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02 Apr 2020

(Cancelled) Otabi Festival 2020 @ ~City of Kabuki~

 

 

Important Notice

In consideration of current uncertainties regarding the spread of COVID-19, we regret to announce that all public festivities of the Otabi Festival have been cancelled. This includes the Hikiyama Line-up, children’s kabuki performances, English tours, stamp rallies and machiya events. As valuable a chance this is for locals and visitors to bond and celebrate Komatsu’s proud traditions together, the safety of our citizens and visitors are without a doubt more important.

However, if the situation permits, the Eight Neighbourhoods Joint Children’s Kabuki Group may stage their performance some time later in the year. So do continue checking our page for updates! Regardless, we look forward to receiving and celebrating with you again in the future. In the meantime, do take care!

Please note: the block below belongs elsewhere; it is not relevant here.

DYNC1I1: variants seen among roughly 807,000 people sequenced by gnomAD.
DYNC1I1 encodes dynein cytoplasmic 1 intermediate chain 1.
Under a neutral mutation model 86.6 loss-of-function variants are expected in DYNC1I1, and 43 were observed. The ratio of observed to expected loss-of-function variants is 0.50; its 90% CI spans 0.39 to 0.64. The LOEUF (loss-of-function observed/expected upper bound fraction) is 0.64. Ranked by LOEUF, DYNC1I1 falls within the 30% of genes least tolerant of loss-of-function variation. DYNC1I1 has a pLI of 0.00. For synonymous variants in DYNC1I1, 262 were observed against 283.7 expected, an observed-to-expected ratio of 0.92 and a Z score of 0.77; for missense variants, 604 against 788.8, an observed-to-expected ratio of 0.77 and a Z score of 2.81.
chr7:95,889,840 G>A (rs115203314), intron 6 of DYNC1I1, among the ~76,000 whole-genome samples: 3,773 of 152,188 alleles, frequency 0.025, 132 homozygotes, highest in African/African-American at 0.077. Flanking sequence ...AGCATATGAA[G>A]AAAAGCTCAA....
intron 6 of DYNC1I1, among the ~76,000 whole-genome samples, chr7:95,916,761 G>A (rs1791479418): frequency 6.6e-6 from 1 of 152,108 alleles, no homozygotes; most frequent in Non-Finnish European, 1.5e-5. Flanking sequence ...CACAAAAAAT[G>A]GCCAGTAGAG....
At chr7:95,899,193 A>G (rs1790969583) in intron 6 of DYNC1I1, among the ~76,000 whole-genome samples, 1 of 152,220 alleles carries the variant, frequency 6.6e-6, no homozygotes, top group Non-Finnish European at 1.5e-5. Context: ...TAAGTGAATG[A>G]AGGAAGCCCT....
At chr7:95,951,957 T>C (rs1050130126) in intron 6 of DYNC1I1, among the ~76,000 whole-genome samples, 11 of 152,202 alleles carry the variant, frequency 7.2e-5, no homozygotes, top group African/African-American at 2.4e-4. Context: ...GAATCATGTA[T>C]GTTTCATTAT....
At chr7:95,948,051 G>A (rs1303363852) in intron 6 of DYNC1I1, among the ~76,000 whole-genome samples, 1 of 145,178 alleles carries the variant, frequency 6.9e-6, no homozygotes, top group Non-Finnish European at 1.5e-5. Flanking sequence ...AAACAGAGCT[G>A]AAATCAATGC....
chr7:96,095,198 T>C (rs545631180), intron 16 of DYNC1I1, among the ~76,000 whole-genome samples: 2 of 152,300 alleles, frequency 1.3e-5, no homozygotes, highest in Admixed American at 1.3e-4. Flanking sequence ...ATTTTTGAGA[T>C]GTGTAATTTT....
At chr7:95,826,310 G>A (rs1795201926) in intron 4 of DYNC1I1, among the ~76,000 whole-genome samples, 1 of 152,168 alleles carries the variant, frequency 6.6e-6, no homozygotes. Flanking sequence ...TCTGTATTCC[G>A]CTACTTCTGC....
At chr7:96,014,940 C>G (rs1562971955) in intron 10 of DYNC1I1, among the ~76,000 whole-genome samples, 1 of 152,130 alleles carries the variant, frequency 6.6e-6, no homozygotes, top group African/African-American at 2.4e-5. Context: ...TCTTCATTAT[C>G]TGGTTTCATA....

Beginning over 250 years ago, the Otabi Festival is Komatsu’s biggest event. One of Ishikawa’s biggest festivals, it attracts thousands of visitors from around the country and overseas to see the traditional hikiyama floats, and the children’s kabuki plays.

 

The Otabi Festival orginated as the spring festival of two major shrines in Komatsu, Uhashi and Motoori Hiyoshi. It takes its name from one of the key festival events, the mikoshi procession. Mikoshi, or portable shrines, are traditionally carried around the local neighbourhood to allow the Gods to inspect their surroundings. In Japanese this procession is referred as 旅をする、tabi wo suru.

 

The more famous portion of the festival was added in 1776, when local merchants incorporated hikiyama floats into the festival. What is unique about hikiyama is that they double as stages for kabuki plays. And what is distinct about Komatsu’s hikiyama is that the kabuki plays staged on them during the Otabi Festival are traditionally only performed by girls, in direct contrast to the typical kabuki performed only by men.

 

Komatsu City comes alive as performances, food stalls and events cover the city, and temples hold their annual mikoshi processions. This is an event not to be missed!

 


 

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